Medicaid Managed Care and Racial Disparities in AIDS Treatment

By Guwani, James M.; Weech-Maldonado, Robert | Health Care Financing Review, Winter 2004 | Go to article overview

Medicaid Managed Care and Racial Disparities in AIDS Treatment


Guwani, James M., Weech-Maldonado, Robert, Health Care Financing Review


INTRODUCTION

Well-documented racial and ethnic differences in care have attracted increased attention from policymakers. Healthy People 2010, for example, established eliminating racial and ethnic disparities as a formal public policy goal for the U.S. health care system (U.S. Department of Health and Human Services, 2000). The AIDS epidemic in particular is recognized as a major health and socioeconomic problem that disproportionately affects low-income minorities who are at risk of poor access to care. Notwithstanding the implementation of health care policies to reduce disparities among populations with HIV/AIDS, significant racial/ethnic differences in access to care remain (Cunningham et al., 1999; Cunningham et al., 2000; Crystal et al., 2001).

In 1996, a CDC treatment guideline recommended the use of HAART for the clinical management of all HIV/AIDS patients with a CD4 cell count lower than 500 cells/mm3. CDC (1998) defines HAART as specific combinations of three classes of antiretroviral (ARV) drugs. Prior to the introduction of ARV therapies, HIV/AIDS patients had a very poor prognosis. The ARV drug treatment helps prevent HIV, the retrovirus that causes AIDS, from reproducing and infecting cells in the body. HAART treatment has been proven to be effective in controlling the deterioration of CD4 cells, which are the white blood cells that help direct the body's infection-fighting cells (Centers for Disease Control and Prevention, 1998). A study by Gebo et al. (2001) indicates that hospitalization rates among HIV patients decreased between 1995 and 1997 after the introduction of HAART. Valenfi (2001) concluded that the drug combination improves outcomes, patients live longer and have more sustained viral load suppression, and have lower health care costs. Despite the benefits, Black people have less access to HAART compared with White people (Shapiro et al., 1999; Andersen et al., 2000; Keruly, Conviser, and Moore, 2002).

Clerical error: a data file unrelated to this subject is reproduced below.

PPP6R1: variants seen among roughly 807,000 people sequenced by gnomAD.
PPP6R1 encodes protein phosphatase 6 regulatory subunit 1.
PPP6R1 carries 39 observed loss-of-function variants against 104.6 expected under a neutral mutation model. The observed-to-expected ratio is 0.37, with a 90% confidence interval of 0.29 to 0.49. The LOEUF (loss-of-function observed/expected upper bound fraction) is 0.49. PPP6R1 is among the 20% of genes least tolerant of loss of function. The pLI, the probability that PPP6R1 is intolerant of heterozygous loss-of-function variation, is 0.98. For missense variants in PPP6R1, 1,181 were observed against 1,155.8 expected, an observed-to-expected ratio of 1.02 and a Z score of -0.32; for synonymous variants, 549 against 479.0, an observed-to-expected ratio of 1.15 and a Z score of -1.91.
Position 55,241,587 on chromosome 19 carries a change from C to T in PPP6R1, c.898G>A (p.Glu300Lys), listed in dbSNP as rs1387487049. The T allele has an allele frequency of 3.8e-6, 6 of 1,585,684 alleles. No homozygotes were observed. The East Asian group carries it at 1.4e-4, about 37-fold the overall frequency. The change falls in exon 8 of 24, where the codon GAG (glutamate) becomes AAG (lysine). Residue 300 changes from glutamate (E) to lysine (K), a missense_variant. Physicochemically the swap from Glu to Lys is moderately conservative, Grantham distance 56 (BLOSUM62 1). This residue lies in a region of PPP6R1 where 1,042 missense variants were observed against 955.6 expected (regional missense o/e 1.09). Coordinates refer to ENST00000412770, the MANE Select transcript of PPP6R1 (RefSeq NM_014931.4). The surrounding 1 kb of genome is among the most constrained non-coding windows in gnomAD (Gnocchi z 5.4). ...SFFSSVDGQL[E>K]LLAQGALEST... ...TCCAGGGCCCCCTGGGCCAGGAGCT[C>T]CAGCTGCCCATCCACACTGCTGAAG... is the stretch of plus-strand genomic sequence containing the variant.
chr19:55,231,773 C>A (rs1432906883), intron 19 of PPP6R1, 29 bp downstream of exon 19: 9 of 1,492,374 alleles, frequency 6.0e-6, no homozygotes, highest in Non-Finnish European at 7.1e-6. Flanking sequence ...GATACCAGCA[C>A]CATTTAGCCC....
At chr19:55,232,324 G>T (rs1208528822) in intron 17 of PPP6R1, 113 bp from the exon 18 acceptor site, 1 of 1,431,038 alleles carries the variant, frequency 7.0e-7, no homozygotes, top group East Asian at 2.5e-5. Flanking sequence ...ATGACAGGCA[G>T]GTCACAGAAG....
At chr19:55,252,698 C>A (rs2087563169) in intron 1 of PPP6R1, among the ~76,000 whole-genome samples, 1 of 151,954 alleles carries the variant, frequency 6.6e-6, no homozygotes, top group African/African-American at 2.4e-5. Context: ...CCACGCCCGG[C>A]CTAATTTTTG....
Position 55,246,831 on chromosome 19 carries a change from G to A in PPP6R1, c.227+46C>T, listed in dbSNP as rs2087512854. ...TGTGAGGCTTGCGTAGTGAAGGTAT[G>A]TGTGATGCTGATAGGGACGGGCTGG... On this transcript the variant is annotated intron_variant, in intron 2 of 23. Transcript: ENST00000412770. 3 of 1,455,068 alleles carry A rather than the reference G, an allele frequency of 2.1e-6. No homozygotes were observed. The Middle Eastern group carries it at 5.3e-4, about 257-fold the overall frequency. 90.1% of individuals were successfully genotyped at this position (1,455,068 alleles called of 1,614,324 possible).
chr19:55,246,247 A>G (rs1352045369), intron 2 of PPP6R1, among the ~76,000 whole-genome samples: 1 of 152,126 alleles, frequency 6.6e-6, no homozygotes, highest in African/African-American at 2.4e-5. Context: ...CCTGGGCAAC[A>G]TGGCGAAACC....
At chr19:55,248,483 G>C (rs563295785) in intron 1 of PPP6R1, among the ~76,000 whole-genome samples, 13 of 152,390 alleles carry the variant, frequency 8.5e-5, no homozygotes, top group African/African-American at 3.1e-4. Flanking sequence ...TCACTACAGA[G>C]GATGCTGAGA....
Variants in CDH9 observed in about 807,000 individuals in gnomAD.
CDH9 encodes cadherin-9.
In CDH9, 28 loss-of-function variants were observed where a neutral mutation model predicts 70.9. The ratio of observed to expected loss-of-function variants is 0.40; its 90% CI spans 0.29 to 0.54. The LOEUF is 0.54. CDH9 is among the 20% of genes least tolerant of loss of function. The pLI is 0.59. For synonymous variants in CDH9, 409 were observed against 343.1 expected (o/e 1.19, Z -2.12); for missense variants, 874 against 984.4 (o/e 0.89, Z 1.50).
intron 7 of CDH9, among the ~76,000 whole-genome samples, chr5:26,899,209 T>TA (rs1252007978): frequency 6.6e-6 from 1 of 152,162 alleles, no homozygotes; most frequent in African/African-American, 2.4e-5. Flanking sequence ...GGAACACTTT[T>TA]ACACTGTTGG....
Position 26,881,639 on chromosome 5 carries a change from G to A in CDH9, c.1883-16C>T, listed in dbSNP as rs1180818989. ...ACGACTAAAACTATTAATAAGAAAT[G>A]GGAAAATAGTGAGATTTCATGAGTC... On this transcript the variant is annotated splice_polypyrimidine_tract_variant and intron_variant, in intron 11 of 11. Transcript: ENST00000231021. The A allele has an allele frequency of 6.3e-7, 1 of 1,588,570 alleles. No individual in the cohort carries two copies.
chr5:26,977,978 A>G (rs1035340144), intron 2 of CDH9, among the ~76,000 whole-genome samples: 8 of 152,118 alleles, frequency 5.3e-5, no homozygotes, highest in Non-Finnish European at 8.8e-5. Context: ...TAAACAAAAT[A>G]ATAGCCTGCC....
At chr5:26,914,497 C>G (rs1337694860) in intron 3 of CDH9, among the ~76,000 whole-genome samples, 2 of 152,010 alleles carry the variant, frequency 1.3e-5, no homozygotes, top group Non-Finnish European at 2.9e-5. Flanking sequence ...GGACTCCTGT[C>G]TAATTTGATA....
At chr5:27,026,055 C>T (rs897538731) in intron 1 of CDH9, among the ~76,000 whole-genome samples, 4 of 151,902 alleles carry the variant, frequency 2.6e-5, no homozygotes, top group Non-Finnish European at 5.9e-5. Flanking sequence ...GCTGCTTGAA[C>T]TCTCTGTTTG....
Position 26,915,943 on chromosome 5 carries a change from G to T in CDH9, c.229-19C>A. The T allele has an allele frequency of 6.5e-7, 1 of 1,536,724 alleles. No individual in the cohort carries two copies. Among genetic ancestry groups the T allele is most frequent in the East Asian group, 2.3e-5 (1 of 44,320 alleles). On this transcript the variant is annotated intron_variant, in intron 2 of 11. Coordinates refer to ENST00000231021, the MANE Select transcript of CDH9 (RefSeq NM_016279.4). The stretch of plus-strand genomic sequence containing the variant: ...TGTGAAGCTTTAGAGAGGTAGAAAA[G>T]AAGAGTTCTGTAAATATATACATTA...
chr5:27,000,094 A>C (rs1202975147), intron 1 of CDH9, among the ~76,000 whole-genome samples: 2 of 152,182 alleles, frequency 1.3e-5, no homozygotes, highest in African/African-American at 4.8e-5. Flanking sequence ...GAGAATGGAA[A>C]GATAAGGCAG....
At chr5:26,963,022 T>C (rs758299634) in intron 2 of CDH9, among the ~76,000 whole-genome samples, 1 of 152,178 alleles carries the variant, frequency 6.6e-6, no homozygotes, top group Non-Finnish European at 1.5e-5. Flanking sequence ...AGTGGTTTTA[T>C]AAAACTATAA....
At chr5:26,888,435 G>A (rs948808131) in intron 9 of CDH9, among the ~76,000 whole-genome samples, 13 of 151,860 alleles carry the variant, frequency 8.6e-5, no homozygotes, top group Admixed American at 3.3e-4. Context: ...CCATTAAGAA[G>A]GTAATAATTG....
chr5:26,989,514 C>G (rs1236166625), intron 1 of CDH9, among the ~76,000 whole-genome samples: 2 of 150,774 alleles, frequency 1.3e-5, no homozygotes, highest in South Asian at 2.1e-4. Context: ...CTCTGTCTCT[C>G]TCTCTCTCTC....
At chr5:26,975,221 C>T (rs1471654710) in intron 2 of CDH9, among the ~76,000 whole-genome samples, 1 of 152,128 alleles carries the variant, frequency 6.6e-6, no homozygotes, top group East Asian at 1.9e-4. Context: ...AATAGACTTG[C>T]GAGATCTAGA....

Policymakers have traditionally focused on Medicaid insurance as one means of increasing access to care among vulnerable populations. Medicaid served more than 50 percent of all persons living with AIDS, and 90 percent of all children with AIDS, at an estimated cost of $35 billion to the Federal and State governments in 1998 (Health Care Financing Administration, 1998). Increasingly, government is relying on the managed care sector to provide coverage for the Medicaid population as a cost-containment mechanism. While 40 percent of Medicaid beneficiaries were enrolled in managed care in 1996 (Health Care Financing Administration, 1998), the percentage increased to more than 55 percent in 2000 (Henry J. Kaiser Family Foundation, 2000). Concurrently, the numbers of people with HIV/AIDS receiving services in managed care organizations (MCOs) have increased within the last two decades and concerns over access, quality of care, and satisfaction with services have grown as well.

Studies have produced inconclusive results on the effect of managed care on access to care for vulnerable populations. These inconsistent findings, perhaps, could be explained by variations in State practices, different payment methodologies, and different conception and definitions of access measures (Hughes and Luft, 1998; Szilagyi, 1998).

This study uses a nationally representative sample to analyze the effects of managed care on access to the recommended HIV/AIDS treatment (HAART) for Black and White Medicaid patients. Specifically, the study addresses three research questions: